Ideas for Future Development More recent research aimed at BDI in Chronic Pain Samples Specifically comparisons to other outcomes
References Aben I, Verhey F, Lousberg R, Lodder J, Honig A (2002) Validity of the Beck Depression Inventory, Hospital Anxiety and Depression Scale, SCL-90 and Hamilton Depression Rating Scale as Screening Instruments for Depression in Stroke Patients. Psychosomatics. 43 pp 386-393 Beck AT, Ward CH, Mendelson M, Mock J, Erbaugh J (1961) An Inventory for Measuring Depression. Archive of General Psychiatry. 4 pp 561-571 Beck AT, Steer RA, Ball R, Ranieri WF (1996) Comparison of Beck Depression Inventories IA and II in Psychiatric Outpatients. Journal of Personality Assessment. 67(3) pp 588-597 Dozois D, Dobson KS, Ahnberg JL (1998) A Psychmetric Evaluation of the Beck Depression Inventory II. Psychological Assessment. 10(2) PP 83-89 Dworkin RH, Turk DC, Farrar JT, Haythornthwaite JA, Jensen MP, Katz NP, Kerns RD, Stucki G, Allen RR, Bellamy N, Carr DB, Chandler J, Cowan P, Dionne R, Galer BS, Hertz S, Jadad AR, Kramer LD, Manning DC, Martin S, McCormick CG, McDermott MP, McGrath P, Quessy S, Rappaport BA, Robbins W, Robinson JP, Rothman M, Roya MA, Simon L, Stauffer JW, Stein W, Tollett J, Wernicke J, Witter J (2005) Core Outcome Measures for Chronic Pain Clinical Trails: IMMPACT Recommendations. Pain. 113 pp9-19 Emptage NP, Sturm R, Robinson RL (2005) Depression and Comorbid Pain as Predictors of Disability, Employment, Insurance Status and Health Care Costs. Psychiatric Services. 56(4) pp 468-474 Gatchel R (2004) Comorbidity of Chronic Pain and Mental Health Disorders: The Biopsychosocial Perspective. American Psychologist. 59(8) pp 795-805 Geisser ME, Roth RS, Robinson ME (1997) Assessing Depression Among Persons with Chronic Pain Using Epidemiological Studies-Depression Scale and the Beck Depression Inventory: A Comparative Analysis. Clinical Journal of Pain. 13(2) pp 163-170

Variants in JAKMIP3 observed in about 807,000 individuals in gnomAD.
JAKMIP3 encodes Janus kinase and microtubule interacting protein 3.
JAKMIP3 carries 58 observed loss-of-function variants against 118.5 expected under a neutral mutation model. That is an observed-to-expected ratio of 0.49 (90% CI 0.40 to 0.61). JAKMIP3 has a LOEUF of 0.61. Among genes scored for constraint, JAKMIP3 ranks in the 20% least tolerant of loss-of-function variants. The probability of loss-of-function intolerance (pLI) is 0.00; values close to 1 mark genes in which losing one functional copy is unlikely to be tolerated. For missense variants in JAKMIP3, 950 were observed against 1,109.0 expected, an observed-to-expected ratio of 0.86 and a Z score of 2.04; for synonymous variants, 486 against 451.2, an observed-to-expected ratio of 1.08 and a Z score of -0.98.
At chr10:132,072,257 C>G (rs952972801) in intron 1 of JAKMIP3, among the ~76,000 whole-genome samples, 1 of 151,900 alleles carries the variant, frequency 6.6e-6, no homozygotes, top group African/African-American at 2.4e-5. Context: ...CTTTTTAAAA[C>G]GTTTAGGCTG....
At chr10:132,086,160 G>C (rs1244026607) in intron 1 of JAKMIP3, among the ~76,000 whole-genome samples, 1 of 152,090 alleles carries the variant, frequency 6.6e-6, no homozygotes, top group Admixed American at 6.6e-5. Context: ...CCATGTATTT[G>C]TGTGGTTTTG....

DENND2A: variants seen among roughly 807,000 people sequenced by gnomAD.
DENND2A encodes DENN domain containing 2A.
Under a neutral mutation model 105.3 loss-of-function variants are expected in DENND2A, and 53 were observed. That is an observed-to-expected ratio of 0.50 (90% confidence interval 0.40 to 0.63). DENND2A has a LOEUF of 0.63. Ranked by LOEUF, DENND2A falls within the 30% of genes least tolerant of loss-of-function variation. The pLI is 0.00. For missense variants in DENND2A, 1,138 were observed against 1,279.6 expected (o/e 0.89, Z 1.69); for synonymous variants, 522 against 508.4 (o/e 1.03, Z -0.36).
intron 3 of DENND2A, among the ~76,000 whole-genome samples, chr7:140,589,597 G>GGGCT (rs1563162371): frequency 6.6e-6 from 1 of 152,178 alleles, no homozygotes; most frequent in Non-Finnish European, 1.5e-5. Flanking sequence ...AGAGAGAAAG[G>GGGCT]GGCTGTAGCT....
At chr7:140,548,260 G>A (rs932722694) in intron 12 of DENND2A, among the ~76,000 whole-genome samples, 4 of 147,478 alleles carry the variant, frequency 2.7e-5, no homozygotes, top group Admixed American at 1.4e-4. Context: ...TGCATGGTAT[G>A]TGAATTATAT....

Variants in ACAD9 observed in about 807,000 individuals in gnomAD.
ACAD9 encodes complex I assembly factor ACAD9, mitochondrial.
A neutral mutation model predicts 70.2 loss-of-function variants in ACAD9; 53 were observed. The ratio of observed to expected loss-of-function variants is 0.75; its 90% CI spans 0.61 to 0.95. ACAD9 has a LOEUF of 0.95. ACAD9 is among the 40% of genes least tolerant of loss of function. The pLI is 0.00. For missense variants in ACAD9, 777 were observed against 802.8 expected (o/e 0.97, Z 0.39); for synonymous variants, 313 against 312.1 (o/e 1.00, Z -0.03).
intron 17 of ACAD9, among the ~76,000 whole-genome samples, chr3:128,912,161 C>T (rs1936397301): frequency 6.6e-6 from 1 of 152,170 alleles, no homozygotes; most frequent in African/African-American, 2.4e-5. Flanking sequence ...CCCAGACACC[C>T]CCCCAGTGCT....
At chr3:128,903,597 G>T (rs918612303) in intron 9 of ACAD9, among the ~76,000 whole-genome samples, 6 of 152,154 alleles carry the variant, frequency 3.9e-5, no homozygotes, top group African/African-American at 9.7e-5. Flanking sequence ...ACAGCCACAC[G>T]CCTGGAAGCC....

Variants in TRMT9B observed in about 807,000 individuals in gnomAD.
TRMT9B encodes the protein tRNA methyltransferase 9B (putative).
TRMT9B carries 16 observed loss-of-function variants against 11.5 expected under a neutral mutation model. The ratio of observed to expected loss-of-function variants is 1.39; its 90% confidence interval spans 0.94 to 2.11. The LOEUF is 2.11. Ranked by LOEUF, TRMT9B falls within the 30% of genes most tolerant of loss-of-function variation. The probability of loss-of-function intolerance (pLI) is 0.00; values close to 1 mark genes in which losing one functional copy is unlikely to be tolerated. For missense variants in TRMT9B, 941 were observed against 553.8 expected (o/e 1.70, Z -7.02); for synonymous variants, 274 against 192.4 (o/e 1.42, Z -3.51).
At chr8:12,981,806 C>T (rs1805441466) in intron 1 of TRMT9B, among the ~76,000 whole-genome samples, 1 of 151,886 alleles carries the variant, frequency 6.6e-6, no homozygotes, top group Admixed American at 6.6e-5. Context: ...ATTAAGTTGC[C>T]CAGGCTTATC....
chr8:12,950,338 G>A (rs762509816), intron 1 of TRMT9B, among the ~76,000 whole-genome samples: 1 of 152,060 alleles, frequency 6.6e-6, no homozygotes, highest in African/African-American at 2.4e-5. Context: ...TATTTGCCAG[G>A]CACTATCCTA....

References Hammond R (2002) Outcome Measures for People with Depression (a working document) [online] CSP. Available from: www.csp.org.uk accessed 20th March 2007 Henningsen P, Zimmermann T, Sattel H (2003) Medically Unexplained Physical Symptoms, Anxiety and Depression: a Meta-Analytical Review. Psychosomatic Medicine. 65(4) pp 528-533 Morley S, Williams AC, Black S (2002) A Confirmatory Factor Analysis of the Beck Depressuion Inventory in Chronic Pain. Pain. 99(1-2) pp 289-298 Ohayon MM, Schatzberg AF (2003) Using Chronic Pain to Predict Depressive Morbidity in the General Population. Archive Gen Psychiatry. 60 pp 39-47 Poole H, Bramwell R, Murphy P (2006) Factor Structure of the Beck Depression Inventory II in Patients with Chronic Pain. Clinical Journal of Pain. 22(9) pp 790-798 Svanborg P, Asberg M (2001) A Comparison Between the Beck Depression Inventory (BDI) and the Self- rating Version of the Montgomery Asberg Depression Scale (MADRS). Journal of Affective Disorders. 64(2- 3) pp 203-216 Ward LC (2006) Comparison of Factor Structure Models for the Beck Depression Inventory II. Psychological Assessment. 18(1) pp 81-88